V. The Modern Period, 1789–1914 > B. The French Revolution and Europe, 1789–1914 > 7. Western and Central Europe, 1848–1914 > h. Central Europe
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  The Encyclopedia of World History.  2001.
 
(See March 28)
 
h. Central Europe
 
 
1. Germany
1849–50
 
After the failed 1848 revolution, Frederick William of Prussia and adviser Radowitz pushed for more German unity with loose ties to the Habsburg monarchy. A Prussian Union scheme (May 26, 1849) won agreement from several North German states, and a National Assembly at Erfurt (Oct. 19) was confirmed. Austrian opposition grew, however, and war threatened.  1
 
1850, Nov. 29
 
Olmütz Proclamation. The Prussian president, Manteuffel, and the Austrian prime minister, Schwarzenberg, agreed to joint action in Hesse and Schleswig (dispute between Elector and Parliament) and called for a conference to determine future action among German states. Liberals considered the proclamation a humiliating surrender of Prussian power, but most conservatives, including Otto von Bismarck, accepted it. It set the stage for the growing animosity between Austrians and Prussians over the grodeutsch and kleindeutsch question. The Prussian Union was abandoned and the old Germanic Confederation restored at a conference in Dresden.  2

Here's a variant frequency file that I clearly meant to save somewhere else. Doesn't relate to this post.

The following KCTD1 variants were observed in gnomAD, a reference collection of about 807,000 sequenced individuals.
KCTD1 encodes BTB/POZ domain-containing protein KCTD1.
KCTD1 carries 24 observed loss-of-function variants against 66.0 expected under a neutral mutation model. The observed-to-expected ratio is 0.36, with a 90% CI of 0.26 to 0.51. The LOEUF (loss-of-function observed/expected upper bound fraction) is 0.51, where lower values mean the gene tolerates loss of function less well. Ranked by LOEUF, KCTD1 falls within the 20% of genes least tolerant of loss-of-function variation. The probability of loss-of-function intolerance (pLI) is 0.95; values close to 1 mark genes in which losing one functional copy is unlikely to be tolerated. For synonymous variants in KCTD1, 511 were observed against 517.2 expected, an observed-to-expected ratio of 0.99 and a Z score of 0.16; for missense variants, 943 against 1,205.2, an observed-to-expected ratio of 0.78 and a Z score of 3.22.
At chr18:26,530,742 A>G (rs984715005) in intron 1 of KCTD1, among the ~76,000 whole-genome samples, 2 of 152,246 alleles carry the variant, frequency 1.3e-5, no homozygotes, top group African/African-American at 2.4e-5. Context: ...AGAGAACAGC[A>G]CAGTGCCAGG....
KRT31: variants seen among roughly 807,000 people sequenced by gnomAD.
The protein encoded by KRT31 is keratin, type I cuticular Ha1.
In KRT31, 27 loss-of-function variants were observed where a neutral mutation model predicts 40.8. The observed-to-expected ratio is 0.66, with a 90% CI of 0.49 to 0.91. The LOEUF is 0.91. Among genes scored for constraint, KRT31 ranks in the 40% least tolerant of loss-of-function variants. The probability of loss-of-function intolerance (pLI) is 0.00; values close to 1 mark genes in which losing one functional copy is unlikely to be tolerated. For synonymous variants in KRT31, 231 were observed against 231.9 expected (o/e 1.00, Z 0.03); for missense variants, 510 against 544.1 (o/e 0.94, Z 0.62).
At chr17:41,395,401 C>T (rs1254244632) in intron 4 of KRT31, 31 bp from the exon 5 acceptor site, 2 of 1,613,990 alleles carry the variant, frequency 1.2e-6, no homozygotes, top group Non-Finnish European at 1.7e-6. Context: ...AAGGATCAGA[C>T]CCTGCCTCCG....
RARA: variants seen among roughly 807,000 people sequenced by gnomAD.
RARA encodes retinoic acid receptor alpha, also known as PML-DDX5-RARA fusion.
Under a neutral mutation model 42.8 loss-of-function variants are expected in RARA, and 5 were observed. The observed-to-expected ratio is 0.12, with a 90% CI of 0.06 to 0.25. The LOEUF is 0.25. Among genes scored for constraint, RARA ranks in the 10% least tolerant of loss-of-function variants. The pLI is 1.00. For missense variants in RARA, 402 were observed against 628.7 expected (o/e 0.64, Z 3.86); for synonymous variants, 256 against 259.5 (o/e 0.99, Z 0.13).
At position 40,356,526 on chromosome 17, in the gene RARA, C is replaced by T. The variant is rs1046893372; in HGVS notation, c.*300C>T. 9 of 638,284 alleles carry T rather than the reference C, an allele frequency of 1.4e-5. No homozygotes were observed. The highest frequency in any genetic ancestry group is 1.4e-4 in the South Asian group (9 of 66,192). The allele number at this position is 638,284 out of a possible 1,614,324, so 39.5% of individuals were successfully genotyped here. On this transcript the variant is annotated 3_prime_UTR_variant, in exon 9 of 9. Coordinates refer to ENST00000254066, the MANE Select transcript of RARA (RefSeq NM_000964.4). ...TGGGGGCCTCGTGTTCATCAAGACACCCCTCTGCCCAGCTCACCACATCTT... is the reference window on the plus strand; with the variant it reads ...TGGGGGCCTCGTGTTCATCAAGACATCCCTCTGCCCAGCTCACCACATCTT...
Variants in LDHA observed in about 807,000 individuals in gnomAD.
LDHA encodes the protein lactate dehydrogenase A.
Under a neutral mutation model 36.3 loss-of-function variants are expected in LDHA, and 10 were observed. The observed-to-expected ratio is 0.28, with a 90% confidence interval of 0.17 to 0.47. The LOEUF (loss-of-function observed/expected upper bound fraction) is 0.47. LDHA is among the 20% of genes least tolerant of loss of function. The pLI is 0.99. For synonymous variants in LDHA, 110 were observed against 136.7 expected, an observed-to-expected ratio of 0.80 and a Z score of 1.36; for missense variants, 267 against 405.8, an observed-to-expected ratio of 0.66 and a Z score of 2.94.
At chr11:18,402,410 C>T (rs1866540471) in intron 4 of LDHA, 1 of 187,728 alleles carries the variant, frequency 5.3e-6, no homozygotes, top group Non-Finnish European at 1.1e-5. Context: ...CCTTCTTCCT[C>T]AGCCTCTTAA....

Dec.–1851, March
 
A Dresden conference on German affairs. Revival of conservatism around the newspaper Kreuzzeitung (founded in 1848).  3
 
 
 
The Encyclopedia of World History, Sixth edition. Peter N. Stearns, general editor. Copyright © 2001 by Houghton Mifflin Company. Maps by Mary Reilly, copyright 2001 by Houghton Mifflin Company. Published by Houghton Mifflin Company. All rights reserved.

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